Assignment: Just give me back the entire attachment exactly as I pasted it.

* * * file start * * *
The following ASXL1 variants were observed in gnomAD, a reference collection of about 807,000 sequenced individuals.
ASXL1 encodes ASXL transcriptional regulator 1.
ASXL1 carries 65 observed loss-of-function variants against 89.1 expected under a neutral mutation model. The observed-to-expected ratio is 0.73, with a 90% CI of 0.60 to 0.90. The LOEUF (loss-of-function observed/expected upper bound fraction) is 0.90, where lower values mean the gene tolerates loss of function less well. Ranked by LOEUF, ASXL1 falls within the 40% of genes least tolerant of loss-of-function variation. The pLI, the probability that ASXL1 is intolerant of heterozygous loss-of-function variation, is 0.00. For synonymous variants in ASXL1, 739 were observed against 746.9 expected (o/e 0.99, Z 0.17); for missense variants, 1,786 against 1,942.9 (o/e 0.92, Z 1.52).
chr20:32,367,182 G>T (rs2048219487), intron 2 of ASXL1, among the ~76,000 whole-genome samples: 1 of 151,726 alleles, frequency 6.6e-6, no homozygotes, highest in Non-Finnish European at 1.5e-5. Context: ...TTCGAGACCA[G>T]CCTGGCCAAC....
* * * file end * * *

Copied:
The following ASXL1 variants were observed in gnomAD, a reference collection of about 807,000 sequenced individuals.
ASXL1 encodes ASXL transcriptional regulator 1.
ASXL1 carries 65 observed loss-of-function variants against 89.1 expected under a neutral mutation model. The observed-to-expected ratio is 0.73, with a 90% CI of 0.60 to 0.90. The LOEUF (loss-of-function observed/expected upper bound fraction) is 0.90, where lower values mean the gene tolerates loss of function less well. Ranked by LOEUF, ASXL1 falls within the 40% of genes least tolerant of loss-of-function variation. The pLI, the probability that ASXL1 is intolerant of heterozygous loss-of-function variation, is 0.00. For synonymous variants in ASXL1, 739 were observed against 746.9 expected (o/e 0.99, Z 0.17); for missense variants, 1,786 against 1,942.9 (o/e 0.92, Z 1.52).
chr20:32,367,182 G>T (rs2048219487), intron 2 of ASXL1, among the ~76,000 whole-genome samples: 1 of 151,726 alleles, frequency 6.6e-6, no homozygotes, highest in Non-Finnish European at 1.5e-5. Context: ...TTCGAGACCA[G>T]CCTGGCCAAC....